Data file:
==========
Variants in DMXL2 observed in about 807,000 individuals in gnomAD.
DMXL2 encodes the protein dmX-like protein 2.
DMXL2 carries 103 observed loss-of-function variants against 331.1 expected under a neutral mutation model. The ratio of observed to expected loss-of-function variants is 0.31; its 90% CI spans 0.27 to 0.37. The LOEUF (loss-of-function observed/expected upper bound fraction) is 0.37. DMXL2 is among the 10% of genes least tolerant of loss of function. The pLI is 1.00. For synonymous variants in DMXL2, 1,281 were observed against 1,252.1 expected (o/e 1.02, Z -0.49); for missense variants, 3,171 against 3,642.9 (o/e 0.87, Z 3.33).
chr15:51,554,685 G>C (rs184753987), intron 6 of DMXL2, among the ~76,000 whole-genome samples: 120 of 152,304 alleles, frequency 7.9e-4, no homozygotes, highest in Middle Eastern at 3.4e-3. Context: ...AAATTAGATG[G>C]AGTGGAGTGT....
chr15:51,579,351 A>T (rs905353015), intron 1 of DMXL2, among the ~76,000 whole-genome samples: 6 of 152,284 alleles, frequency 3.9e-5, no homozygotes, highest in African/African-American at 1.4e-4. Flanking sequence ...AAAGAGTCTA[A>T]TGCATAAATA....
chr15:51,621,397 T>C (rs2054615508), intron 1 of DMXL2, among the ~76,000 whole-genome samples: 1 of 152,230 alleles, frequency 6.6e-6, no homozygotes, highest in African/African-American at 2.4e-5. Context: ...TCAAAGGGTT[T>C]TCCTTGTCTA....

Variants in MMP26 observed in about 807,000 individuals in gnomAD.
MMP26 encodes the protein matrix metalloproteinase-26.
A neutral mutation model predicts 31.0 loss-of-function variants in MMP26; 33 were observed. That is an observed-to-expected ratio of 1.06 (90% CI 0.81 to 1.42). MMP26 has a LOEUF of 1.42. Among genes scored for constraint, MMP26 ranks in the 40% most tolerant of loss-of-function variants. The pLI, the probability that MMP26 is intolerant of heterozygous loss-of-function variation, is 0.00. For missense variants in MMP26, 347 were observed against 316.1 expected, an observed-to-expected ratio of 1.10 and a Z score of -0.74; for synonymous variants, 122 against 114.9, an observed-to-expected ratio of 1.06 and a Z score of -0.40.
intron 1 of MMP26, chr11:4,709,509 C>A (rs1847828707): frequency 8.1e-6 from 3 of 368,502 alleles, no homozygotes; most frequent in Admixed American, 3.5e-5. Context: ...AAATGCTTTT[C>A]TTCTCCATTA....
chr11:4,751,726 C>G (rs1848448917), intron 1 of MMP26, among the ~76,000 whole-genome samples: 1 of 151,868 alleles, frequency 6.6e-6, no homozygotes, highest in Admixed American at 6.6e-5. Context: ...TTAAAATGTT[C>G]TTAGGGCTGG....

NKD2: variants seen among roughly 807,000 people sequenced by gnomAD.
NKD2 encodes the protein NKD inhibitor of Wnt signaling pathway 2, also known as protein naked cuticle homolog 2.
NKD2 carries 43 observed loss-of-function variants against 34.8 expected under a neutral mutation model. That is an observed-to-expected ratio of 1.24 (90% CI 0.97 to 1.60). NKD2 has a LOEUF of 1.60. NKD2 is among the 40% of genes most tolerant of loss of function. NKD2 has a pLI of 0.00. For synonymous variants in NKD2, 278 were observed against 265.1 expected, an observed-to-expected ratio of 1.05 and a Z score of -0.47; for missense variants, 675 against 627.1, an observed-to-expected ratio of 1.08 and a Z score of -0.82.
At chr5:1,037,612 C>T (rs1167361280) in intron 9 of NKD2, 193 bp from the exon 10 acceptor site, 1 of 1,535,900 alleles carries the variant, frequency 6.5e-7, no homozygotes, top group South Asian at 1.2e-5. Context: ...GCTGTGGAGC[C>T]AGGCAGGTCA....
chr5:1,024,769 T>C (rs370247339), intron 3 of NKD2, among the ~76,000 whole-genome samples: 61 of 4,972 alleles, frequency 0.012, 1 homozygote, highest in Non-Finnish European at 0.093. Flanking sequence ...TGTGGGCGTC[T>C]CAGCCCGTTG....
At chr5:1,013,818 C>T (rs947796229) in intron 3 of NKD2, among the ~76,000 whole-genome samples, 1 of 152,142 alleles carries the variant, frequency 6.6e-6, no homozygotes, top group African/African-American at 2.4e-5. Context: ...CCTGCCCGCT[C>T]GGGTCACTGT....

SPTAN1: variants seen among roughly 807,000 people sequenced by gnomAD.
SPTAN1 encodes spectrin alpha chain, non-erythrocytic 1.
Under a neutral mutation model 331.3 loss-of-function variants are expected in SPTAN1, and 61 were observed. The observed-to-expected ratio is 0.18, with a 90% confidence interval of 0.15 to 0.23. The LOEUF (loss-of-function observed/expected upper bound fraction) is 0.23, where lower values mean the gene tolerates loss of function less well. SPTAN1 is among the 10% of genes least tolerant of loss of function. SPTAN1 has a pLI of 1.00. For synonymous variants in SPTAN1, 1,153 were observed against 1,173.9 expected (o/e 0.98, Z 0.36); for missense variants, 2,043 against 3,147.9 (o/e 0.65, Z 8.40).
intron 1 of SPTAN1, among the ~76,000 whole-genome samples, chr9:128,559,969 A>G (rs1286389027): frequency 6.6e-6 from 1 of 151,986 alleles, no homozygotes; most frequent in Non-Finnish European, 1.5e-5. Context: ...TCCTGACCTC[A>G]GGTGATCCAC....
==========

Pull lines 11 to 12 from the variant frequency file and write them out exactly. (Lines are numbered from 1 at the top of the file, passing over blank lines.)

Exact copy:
chr11:4,751,726 C>G (rs1848448917), intron 1 of MMP26, among the ~76,000 whole-genome samples: 1 of 151,868 alleles, frequency 6.6e-6, no homozygotes, highest in Admixed American at 6.6e-5. Context: ...TTAAAATGTT[C>G]TTAGGGCTGG....

NKD2: variants seen among roughly 807,000 people sequenced by gnomAD.